The Senate uses mid-range staffers to prepare the floor analyses that is the public record, but those analyses contain mostly versions of the policy committee analysis for that bill.

Some say that this is obviously done for legal reasons. But it is also done using senior caucus staff oversight, to control the message.

The party in power has the ultimate say over bill analyses.

“But in the tug-of-war between the Capitol’s two power players, industry more than held its own. Business-related groups dominated the list of organizations with the most influence, according to a review of hundreds of bills,” the story reported. “Labor lobbyists, meanwhile, said they were more selective than usual in advancing bills that would cost money and put lawmakers in an unpleasant political situation.”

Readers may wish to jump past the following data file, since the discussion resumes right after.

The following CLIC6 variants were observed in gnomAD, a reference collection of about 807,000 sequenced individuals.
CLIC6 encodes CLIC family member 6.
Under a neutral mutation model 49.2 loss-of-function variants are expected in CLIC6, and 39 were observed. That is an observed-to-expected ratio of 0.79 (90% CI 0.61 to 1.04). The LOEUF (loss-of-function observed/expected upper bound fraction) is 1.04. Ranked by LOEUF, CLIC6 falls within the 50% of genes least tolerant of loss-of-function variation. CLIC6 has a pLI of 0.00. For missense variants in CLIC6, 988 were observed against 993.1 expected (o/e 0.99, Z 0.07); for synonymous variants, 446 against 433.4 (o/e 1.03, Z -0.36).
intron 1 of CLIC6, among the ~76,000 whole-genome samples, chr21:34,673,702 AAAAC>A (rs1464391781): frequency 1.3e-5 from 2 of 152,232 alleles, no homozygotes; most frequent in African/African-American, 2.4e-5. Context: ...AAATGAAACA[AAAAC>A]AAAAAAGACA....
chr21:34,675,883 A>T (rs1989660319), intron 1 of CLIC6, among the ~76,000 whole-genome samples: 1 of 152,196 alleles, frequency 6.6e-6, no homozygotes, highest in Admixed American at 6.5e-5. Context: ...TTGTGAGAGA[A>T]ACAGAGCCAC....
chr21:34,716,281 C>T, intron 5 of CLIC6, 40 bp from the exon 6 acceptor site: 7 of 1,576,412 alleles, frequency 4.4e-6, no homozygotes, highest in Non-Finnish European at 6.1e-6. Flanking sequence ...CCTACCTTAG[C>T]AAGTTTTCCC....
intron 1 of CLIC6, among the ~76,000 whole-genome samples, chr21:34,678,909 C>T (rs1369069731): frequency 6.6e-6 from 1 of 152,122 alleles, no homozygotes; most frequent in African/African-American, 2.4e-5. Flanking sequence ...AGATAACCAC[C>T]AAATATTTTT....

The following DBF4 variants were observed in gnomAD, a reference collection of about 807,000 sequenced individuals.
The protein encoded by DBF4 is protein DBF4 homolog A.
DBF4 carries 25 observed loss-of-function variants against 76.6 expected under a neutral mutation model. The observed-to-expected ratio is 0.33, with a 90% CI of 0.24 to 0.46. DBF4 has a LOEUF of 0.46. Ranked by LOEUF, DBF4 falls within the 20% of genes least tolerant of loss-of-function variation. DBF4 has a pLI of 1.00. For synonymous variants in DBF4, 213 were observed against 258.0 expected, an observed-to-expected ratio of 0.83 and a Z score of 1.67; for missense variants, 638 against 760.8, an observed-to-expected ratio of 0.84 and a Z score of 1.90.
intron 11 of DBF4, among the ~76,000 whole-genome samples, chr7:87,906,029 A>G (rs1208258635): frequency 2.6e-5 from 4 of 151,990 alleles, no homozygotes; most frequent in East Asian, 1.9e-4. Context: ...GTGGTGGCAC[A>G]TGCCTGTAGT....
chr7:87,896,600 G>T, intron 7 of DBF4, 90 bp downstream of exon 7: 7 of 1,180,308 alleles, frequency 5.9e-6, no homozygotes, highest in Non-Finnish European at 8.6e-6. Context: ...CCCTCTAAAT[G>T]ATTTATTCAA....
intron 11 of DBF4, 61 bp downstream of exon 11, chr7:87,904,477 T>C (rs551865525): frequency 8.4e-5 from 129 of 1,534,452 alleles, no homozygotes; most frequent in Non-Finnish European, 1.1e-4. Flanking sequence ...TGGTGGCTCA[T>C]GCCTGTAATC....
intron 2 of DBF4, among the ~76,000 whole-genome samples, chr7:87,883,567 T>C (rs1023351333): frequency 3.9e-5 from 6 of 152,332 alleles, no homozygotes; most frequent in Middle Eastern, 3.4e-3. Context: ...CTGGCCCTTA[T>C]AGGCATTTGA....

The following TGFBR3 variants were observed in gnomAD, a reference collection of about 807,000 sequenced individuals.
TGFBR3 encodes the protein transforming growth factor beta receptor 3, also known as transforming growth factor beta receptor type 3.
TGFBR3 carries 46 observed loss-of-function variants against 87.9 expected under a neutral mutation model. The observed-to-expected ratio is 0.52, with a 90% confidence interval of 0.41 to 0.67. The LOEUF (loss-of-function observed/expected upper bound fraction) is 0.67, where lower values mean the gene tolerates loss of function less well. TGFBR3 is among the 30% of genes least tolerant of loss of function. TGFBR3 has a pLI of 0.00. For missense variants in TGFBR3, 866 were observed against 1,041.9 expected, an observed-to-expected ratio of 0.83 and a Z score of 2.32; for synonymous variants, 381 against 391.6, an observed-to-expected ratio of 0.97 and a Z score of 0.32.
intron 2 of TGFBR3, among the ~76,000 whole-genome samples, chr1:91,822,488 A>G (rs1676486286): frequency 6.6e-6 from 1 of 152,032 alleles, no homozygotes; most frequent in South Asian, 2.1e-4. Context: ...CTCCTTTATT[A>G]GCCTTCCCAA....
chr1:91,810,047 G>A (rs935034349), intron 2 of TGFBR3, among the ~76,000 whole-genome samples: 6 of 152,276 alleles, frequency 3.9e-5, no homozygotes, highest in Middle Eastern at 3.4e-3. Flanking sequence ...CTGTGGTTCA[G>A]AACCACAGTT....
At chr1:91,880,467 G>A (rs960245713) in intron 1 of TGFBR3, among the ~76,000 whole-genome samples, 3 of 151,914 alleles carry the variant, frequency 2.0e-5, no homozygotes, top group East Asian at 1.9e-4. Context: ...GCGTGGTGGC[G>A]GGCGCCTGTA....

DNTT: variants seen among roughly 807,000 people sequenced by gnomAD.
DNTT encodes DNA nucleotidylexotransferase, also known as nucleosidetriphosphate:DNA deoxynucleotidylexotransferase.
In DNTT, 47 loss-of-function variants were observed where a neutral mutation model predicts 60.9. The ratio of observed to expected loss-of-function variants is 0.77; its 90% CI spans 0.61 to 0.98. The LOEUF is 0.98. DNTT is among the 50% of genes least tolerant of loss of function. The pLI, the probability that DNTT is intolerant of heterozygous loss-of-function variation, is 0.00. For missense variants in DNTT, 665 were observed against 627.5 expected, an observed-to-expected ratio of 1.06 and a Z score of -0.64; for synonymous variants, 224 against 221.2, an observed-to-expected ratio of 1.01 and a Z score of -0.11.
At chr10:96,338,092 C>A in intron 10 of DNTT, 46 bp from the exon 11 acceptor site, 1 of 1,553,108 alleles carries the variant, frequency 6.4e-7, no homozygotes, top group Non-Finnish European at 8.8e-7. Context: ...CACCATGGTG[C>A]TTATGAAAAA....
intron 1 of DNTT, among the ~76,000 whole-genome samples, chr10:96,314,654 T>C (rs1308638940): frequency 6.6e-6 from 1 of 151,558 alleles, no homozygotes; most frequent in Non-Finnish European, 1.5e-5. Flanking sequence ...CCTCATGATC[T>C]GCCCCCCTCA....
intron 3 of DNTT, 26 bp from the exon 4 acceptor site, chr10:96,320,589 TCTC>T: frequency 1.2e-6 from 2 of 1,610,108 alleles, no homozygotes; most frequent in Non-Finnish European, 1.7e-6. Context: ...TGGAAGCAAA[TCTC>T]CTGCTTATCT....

It’s easy to be selective about which bills to spend lobbying time and money on when most of the  legislators and staff are on your side.

The story concluded that money spent doesn’t necessarily buy influence. “But the spending didn’t always guarantee victory in 2011. The California Manufacturers and Technology Association spent $1.9 million while winning half its legislative battles.”

But the story did not specify what that $1.9 million included — that could be all or part of the total budget for CMTA, including lobbying, office and administrative staff expenses and the marketing budget. Since the CMTA has only four lobbyists and a small staff, it is hardly the big corporate gorilla influencing legislators and killing anti-business bills.